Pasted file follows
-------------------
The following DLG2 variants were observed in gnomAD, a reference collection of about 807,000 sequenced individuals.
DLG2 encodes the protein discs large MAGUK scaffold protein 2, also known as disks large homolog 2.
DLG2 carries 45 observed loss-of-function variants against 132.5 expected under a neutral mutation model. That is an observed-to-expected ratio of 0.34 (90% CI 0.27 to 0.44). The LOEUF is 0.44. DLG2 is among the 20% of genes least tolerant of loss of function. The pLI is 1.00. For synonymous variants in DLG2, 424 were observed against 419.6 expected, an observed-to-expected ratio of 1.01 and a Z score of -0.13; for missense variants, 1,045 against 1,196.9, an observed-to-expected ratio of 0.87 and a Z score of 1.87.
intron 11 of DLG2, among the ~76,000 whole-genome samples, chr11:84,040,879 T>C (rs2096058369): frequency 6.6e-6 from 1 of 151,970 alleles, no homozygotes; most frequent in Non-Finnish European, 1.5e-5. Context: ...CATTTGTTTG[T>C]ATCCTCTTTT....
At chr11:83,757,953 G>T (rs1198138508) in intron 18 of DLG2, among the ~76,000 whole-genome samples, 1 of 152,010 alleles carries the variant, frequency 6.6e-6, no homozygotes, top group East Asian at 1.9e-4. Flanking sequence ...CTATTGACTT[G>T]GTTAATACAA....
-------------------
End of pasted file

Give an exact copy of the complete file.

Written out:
The following DLG2 variants were observed in gnomAD, a reference collection of about 807,000 sequenced individuals.
DLG2 encodes the protein discs large MAGUK scaffold protein 2, also known as disks large homolog 2.
DLG2 carries 45 observed loss-of-function variants against 132.5 expected under a neutral mutation model. That is an observed-to-expected ratio of 0.34 (90% CI 0.27 to 0.44). The LOEUF is 0.44. DLG2 is among the 20% of genes least tolerant of loss of function. The pLI is 1.00. For synonymous variants in DLG2, 424 were observed against 419.6 expected, an observed-to-expected ratio of 1.01 and a Z score of -0.13; for missense variants, 1,045 against 1,196.9, an observed-to-expected ratio of 0.87 and a Z score of 1.87.
intron 11 of DLG2, among the ~76,000 whole-genome samples, chr11:84,040,879 T>C (rs2096058369): frequency 6.6e-6 from 1 of 151,970 alleles, no homozygotes; most frequent in Non-Finnish European, 1.5e-5. Context: ...CATTTGTTTG[T>C]ATCCTCTTTT....
At chr11:83,757,953 G>T (rs1198138508) in intron 18 of DLG2, among the ~76,000 whole-genome samples, 1 of 152,010 alleles carries the variant, frequency 6.6e-6, no homozygotes, top group East Asian at 1.9e-4. Flanking sequence ...CTATTGACTT[G>T]GTTAATACAA....